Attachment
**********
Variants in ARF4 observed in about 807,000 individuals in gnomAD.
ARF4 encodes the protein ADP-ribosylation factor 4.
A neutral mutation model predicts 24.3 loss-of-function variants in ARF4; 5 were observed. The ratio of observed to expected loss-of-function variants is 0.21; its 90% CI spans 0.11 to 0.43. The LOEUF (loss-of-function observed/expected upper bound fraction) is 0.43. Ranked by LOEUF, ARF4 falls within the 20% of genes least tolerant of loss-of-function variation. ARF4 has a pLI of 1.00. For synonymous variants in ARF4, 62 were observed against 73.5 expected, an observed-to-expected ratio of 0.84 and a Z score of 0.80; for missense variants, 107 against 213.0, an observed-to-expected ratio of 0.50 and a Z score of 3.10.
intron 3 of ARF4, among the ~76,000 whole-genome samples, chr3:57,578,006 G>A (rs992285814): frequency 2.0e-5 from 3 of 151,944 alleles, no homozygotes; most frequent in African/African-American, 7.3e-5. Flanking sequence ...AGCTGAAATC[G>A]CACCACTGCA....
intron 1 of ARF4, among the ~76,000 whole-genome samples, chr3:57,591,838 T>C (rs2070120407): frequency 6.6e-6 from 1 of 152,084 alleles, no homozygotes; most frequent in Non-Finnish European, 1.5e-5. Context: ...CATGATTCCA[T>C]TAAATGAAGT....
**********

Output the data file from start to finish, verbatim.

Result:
Variants in ARF4 observed in about 807,000 individuals in gnomAD.
ARF4 encodes the protein ADP-ribosylation factor 4.
A neutral mutation model predicts 24.3 loss-of-function variants in ARF4; 5 were observed. The ratio of observed to expected loss-of-function variants is 0.21; its 90% CI spans 0.11 to 0.43. The LOEUF (loss-of-function observed/expected upper bound fraction) is 0.43. Ranked by LOEUF, ARF4 falls within the 20% of genes least tolerant of loss-of-function variation. ARF4 has a pLI of 1.00. For synonymous variants in ARF4, 62 were observed against 73.5 expected, an observed-to-expected ratio of 0.84 and a Z score of 0.80; for missense variants, 107 against 213.0, an observed-to-expected ratio of 0.50 and a Z score of 3.10.
intron 3 of ARF4, among the ~76,000 whole-genome samples, chr3:57,578,006 G>A (rs992285814): frequency 2.0e-5 from 3 of 151,944 alleles, no homozygotes; most frequent in African/African-American, 7.3e-5. Flanking sequence ...AGCTGAAATC[G>A]CACCACTGCA....
intron 1 of ARF4, among the ~76,000 whole-genome samples, chr3:57,591,838 T>C (rs2070120407): frequency 6.6e-6 from 1 of 152,084 alleles, no homozygotes; most frequent in Non-Finnish European, 1.5e-5. Context: ...CATGATTCCA[T>C]TAAATGAAGT....